If the Earth could talk, what would she say?
Would she say, “I am here for you to enjoy fresh air, green parks and sandy beaches?” Or would she say, “Hey, you with the cigarette. Don’t dump your gross butts on me?”
Whatever Mother Earth would say, Reality Check advocates from Falconer Central and Olean High School believe we should listen.
They listen every day. But this year, in observance of
they answered by staging a Cigarette Butt Cleanup near their schools and in the surrounding communities.
Students involved in the Reality Check program hope to build awareness about tobacco litter, discourage fellow teens from starting to smoke and ultimately press a policy that bans tobacco use in nearby municipalities.
Smoking is dangerous for the environment and those breathing in the smoke, Reality Check member and Falconer student Bruce Widen observed.
“Parks are public places, but they are mostly filled with kids. When kids see adults smoking, it makes them curious,” he said. “If they are surrounded by the image of smoking, sooner or later they will probably try it.”
Widen said he and his Reality Check group are hoping to end tobacco use and be the first tobacco-free generation.
Littered cigarettes are more than just an eye sore. According to environmental clean-up reports, cigarette butts are the No. 1 littered item in the U.S. roadways and the No. 1 item found on beaches and waterways worldwide. The USDA estimates that about 360 billion cigarettes are consumed in the U.S. each year. Close to two-thirds of those butts — 234 billion — are tossed as litter, according to a study by Keep America Beautiful.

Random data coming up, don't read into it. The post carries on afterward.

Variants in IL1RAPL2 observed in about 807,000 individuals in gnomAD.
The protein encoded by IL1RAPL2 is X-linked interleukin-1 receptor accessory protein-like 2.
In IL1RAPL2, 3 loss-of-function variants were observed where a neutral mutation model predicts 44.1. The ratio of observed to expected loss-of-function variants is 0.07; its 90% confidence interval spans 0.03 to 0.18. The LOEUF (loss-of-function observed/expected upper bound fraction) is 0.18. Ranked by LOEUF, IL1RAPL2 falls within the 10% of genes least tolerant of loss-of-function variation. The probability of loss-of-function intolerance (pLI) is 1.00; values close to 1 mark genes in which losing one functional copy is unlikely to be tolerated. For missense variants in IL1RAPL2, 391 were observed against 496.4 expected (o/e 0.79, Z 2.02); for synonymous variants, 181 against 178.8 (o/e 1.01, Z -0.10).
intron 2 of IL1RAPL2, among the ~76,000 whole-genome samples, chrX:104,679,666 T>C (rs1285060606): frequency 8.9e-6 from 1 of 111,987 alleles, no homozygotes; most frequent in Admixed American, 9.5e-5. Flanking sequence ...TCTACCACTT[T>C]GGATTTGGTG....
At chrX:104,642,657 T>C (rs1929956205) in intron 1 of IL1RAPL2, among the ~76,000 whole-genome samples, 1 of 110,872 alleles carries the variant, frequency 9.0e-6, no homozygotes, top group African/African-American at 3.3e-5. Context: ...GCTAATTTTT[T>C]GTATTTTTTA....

Toxic tobacco trash includes a plastic filter which biodegrades only under extreme conditions, putting wildlife in danger and wreaking costly havoc on our waterways, parks, beaches and roads.
Jonathan Chaffee, Reality Check coordinator of Tobacco-Free Chautauqua, Cattaraugus, Allegany (TF-CCA) and Assistant Coalition Coordinator for Youth Outreach at Roswell Park Cancer Institute sees this butt pickup as another win in a statewide effort to improve health and wellness.
“Flicking cigarette butts in our parks and on our streets adds up to an enormous environmental and public health problem that our communities are left to pay for,” said Chaffee. “A tobacco-free parks policy would foster healthier people, land and waterways.”
City officials in nearby Jamestown enacted a tobacco-free ordinance in all parks and city facilities this summer. The law, which restricts all traditional smokeable items, chewing tobacco and vapor devices, is now enforced at all events held at the parks.